Barend Noordam (HUJI & Freie Universität Berlin): The Ming Military as Seen through a Neo-Confucian Lens Show Abstract

 One of the best-known Ming military men of the 16th century was Qi Jiguang (1528-1588), a scion of a hereditary military family. Despite being born into the military profession, which was known for its illiterate and culturally unrefined practitioners, Qi learned to read and write, composed poetry and prose, and became an art connoisseur. He stands as a prime example of a cultural Annäherung between civil and military officials during the mid-16th century, which has been brought to light by scholars such as Kathleen Ryor, Kai Filipiak, and Wang Hung-tai. Less well-known is Qi’s adherence to Neo-Confucianism, a sign that his acculturation to the civil side of the governance equation went even deeper. His son wrote in the preface of his chronological biography (nianpu) that he “was an indirect follower of Yangming (i.e. he did not learn from Wang Yangming himself)” and that “he assumed personal command of the refined and the vulgar having the spirit and appearance of a Confucian.” In my paper I will explore what kind of consequences this adherence had for Qi’s views of the Ming military, using his writings as evidence.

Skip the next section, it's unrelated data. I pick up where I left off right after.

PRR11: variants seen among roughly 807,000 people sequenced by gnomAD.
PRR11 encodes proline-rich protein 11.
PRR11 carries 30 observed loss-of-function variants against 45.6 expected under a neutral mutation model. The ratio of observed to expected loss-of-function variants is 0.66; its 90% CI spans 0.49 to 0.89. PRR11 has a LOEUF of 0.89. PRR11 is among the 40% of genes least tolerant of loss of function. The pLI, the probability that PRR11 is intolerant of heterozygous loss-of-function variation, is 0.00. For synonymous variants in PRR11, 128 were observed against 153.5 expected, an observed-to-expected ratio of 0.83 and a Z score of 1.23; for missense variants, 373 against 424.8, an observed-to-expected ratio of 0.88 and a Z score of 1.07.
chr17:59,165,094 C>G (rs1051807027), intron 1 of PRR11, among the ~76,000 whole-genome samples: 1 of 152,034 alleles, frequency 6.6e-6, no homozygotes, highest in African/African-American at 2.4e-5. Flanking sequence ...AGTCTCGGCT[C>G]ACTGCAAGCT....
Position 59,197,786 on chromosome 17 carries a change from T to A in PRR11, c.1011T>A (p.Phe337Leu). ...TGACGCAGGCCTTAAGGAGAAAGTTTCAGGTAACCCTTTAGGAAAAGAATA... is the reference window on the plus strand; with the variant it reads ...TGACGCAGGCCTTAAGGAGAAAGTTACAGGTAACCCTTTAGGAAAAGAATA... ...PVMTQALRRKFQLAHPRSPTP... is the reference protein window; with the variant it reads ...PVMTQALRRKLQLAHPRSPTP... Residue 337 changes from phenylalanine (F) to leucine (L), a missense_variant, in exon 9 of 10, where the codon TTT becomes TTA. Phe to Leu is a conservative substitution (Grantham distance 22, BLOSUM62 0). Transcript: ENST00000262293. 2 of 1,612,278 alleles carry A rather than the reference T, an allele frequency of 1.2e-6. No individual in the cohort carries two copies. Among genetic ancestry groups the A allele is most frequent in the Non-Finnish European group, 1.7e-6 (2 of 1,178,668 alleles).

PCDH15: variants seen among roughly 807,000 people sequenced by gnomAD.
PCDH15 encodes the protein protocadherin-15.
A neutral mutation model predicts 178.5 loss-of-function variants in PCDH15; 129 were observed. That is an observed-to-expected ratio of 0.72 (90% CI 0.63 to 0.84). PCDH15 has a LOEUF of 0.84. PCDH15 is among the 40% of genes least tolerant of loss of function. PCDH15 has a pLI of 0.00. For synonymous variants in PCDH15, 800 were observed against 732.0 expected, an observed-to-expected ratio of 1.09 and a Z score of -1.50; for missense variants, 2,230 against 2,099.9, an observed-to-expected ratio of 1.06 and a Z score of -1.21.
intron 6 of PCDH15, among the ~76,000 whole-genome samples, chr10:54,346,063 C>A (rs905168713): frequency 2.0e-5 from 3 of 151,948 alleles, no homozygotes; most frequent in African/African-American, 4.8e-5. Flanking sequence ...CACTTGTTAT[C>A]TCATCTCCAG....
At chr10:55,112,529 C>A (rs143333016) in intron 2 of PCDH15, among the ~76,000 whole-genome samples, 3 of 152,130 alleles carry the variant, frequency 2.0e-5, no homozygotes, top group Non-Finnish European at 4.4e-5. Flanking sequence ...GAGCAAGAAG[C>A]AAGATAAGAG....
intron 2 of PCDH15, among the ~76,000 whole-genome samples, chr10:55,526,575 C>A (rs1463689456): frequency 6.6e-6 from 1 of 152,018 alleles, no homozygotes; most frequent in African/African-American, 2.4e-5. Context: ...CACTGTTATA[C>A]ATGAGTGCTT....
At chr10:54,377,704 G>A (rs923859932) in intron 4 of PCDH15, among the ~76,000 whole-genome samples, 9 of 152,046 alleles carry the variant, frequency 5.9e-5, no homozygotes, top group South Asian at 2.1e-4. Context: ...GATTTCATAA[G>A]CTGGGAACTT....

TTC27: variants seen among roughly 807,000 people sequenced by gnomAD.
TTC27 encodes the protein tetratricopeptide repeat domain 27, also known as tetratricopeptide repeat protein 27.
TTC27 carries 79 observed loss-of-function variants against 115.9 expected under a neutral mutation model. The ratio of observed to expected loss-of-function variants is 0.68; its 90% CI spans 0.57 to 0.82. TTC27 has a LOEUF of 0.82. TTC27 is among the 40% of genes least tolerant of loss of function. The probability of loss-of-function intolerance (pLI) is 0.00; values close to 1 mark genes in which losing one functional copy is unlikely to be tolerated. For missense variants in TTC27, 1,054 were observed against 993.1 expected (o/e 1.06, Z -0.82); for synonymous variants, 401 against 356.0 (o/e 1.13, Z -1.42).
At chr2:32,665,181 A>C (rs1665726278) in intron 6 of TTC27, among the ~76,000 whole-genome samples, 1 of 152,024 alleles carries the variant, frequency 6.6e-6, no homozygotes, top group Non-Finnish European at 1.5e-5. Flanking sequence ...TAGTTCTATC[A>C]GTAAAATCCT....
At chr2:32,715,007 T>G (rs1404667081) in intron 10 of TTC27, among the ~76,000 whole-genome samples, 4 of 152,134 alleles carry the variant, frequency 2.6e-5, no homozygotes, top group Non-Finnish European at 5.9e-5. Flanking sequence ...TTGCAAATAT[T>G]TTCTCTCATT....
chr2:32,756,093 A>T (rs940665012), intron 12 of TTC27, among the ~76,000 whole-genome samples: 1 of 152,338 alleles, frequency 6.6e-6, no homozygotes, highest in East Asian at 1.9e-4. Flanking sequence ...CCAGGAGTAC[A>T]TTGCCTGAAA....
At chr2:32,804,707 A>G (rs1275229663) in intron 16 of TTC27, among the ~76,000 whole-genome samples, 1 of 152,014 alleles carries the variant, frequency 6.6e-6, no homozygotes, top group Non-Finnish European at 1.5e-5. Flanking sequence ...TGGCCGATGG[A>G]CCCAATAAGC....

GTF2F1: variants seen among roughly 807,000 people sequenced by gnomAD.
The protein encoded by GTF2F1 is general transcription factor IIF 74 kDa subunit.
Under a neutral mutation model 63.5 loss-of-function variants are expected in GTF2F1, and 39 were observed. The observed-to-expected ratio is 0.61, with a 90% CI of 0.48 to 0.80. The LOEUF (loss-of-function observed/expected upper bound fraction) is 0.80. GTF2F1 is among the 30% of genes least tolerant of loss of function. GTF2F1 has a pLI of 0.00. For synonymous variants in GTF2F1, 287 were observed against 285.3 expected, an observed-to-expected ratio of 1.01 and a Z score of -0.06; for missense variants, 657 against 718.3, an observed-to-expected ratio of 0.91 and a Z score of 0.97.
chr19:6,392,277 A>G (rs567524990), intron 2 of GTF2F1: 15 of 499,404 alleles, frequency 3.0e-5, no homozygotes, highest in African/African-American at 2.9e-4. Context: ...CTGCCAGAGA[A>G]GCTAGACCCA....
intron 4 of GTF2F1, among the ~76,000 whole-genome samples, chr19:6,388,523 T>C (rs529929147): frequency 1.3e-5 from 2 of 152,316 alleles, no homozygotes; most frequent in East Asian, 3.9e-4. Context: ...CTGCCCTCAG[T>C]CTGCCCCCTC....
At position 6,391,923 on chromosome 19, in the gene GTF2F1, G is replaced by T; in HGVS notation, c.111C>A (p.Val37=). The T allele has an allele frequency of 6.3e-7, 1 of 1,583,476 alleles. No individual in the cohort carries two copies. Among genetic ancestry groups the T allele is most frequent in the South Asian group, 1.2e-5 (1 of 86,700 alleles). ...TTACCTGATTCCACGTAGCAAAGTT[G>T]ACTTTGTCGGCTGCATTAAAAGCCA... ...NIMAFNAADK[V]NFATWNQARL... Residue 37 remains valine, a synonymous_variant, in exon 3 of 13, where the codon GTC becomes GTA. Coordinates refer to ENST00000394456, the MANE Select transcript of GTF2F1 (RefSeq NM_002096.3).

16:00-16:30 Coffee break



16:30-18:00 Session 8

Panel 1: Food for Thought: New Studies on Food and Society in Early China [room 502] Show Abstract

 This panel will present new research on food in Early China. The importance of food in Chinese culture can hardly be overstated, yet to date research on foodways in the Chinese past has focused on selected topics such as ancestor worship and ritual feasts, or the role of food in banqueting politics. Many studies forgo a contextual analysis of food and project contemporary and more recent foodways onto the deeper past, most notably when studying the development of what would become Chinese cuisine.